A Clockwork Orange (1971) UK, USA
A Clockwork Orange Image Cover
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Director:Stanley Kubrick
Studio:Warner Home Video
Producer:Si Litvinoff
Writer:Anthony Burgess
Rating:4.5 (813 votes)
Date Added:2010-05-08
Awards:Nominated for 4 Oscars, Another 5 wins & 12 nominations
Genre:Art House & International
Picture Format:Widescreen
Aspect Ratio:1.66:1
Languages:English, French
Subtitles:English, Spanish, French
Features:Special Edition
Stanley Kubrick  ...  (Director)
Anthony Burgess  ...  (Writer)
Malcolm McDowell  ...  Alex / Alexander DeLarge / Alex Burgess
Patrick Magee  ...  Mr. Frank Alexander
Michael Bates  ...  Chief Guard Barnes
Warren Clarke  ...  Dim
John Clive  ...  Stage Actor
John Alcott  ...  Cinematographer
Adrienne Corri  ...  Mrs. Alexander
Carl Duering  ...  Dr. Brodsky
Paul Farrell  ...  Tramp
Clive Francis  ...  Joe the Lodger
Michael Gover  ...  Prison Governor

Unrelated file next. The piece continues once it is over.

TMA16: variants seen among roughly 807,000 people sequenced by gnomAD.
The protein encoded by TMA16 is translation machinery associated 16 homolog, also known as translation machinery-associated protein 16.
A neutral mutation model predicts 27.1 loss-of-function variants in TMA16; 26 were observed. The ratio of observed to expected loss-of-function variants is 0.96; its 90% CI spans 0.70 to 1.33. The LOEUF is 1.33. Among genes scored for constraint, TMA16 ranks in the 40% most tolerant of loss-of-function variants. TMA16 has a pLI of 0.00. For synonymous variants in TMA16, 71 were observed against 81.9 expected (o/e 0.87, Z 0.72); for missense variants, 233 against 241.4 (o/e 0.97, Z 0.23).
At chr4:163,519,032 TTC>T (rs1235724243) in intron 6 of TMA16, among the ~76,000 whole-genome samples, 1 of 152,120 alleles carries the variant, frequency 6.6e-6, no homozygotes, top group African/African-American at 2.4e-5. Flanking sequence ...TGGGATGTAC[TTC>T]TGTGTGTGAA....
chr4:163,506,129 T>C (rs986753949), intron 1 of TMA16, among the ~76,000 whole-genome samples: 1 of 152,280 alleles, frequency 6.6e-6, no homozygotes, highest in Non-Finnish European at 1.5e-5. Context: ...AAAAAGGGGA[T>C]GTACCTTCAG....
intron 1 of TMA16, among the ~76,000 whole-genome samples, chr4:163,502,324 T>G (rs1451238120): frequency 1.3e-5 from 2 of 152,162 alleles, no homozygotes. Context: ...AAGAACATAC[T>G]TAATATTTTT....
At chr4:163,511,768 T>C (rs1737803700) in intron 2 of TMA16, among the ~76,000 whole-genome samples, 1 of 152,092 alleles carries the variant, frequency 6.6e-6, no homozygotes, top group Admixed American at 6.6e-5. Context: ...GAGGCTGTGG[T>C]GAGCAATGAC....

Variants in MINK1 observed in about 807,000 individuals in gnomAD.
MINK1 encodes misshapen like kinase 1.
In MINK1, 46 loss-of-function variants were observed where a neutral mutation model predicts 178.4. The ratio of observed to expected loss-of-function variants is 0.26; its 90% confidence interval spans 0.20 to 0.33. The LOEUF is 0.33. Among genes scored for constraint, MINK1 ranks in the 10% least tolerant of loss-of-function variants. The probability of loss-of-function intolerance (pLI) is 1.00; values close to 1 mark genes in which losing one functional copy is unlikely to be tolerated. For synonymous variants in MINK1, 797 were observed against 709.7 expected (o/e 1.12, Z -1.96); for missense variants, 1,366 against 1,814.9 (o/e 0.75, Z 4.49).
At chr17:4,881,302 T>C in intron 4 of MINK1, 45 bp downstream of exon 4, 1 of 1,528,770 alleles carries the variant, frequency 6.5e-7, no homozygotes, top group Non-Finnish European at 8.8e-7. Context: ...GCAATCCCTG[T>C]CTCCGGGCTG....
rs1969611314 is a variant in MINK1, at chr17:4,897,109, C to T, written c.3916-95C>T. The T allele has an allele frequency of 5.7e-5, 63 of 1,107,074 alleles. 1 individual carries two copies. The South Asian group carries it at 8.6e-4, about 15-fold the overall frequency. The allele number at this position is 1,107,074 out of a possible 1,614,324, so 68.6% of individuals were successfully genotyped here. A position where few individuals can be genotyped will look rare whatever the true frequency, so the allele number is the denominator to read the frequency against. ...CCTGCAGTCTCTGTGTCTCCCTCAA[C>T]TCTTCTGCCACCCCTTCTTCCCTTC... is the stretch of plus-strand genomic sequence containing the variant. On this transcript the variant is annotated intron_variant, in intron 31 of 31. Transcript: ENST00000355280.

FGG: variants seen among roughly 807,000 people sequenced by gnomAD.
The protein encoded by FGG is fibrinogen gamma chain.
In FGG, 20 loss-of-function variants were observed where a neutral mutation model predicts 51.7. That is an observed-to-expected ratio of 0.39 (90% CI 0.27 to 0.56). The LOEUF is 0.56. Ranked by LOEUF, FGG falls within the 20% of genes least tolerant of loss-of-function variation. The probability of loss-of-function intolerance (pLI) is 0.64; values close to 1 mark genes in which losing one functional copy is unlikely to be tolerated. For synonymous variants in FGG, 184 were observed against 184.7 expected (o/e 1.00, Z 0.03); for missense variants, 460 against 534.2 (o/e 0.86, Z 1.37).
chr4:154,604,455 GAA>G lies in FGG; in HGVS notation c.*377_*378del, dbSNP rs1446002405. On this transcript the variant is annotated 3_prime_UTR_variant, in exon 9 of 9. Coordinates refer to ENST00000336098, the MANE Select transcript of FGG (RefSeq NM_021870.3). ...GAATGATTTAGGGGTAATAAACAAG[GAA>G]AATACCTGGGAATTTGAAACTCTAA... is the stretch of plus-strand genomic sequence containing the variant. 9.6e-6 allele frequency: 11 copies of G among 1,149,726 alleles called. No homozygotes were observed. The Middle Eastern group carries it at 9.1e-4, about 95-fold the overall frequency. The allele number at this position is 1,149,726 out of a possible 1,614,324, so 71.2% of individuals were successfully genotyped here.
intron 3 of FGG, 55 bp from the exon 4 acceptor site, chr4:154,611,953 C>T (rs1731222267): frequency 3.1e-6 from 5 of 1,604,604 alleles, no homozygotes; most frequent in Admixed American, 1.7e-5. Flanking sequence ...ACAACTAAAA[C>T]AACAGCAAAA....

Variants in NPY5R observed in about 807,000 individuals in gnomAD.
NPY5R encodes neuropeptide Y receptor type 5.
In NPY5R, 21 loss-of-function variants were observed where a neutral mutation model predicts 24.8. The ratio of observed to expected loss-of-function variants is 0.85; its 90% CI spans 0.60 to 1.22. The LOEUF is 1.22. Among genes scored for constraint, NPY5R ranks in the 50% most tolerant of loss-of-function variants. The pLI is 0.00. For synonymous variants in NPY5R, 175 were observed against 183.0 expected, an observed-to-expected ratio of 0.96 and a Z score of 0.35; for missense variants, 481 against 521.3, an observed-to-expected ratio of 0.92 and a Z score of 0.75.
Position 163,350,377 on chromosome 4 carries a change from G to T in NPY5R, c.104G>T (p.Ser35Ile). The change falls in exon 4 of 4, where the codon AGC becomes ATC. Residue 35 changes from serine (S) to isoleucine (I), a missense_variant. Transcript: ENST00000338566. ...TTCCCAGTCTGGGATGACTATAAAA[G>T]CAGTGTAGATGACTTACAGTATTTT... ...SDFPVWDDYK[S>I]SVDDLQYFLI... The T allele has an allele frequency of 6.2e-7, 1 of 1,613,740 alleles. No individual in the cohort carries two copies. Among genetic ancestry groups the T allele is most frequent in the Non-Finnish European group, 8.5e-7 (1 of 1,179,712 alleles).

Miriam Karlin  ...  Catlady
James Marcus  ...  Georgie
Aubrey Morris  ...  P.R. Deltoid
Godfrey Quigley  ...  Prison Chaplain
Sheila Raynor  ...  Mum
Summary: Stanley Kubrick's striking visual interpretation of Anthony Burgess's famous novel is a masterpiece. Malcolm McDowell delivers a clever, tongue-in-cheek performance as Alex, the leader of a quartet of droogs, a vicious group of young hoodlums who spend their nights stealing cars, fighting rival gangs, breaking into people's homes, and raping women. While other directors would simply exploit the violent elements of such a film without subtext, Kubrick maintains Burgess's dark, satirical social commentary. We watch Alex transform from a free-roaming miscreant into a convict used in a government experiment that attempts to reform criminals through an unorthodox new medical treatment. The catch, of course, is that this therapy may be nothing better than a quick cure-all for a society plagued by rampant crime. "A Clockwork Orange" works on many levels--visual, social, political, and sexual--and is one of the few films that hold up under repeated viewings. Kubrick not only presents colorfully arresting images, he also stylizes the film by utilizing classical music (and Wendy Carlos's electronic classical work) to underscore the violent scenes, which even today are disturbing in their display of sheer nihilism. Ironically, many fans of the film have missed that point, sadly being entertained by its brutality rather than being repulsed by it. "--Bryan Reesman"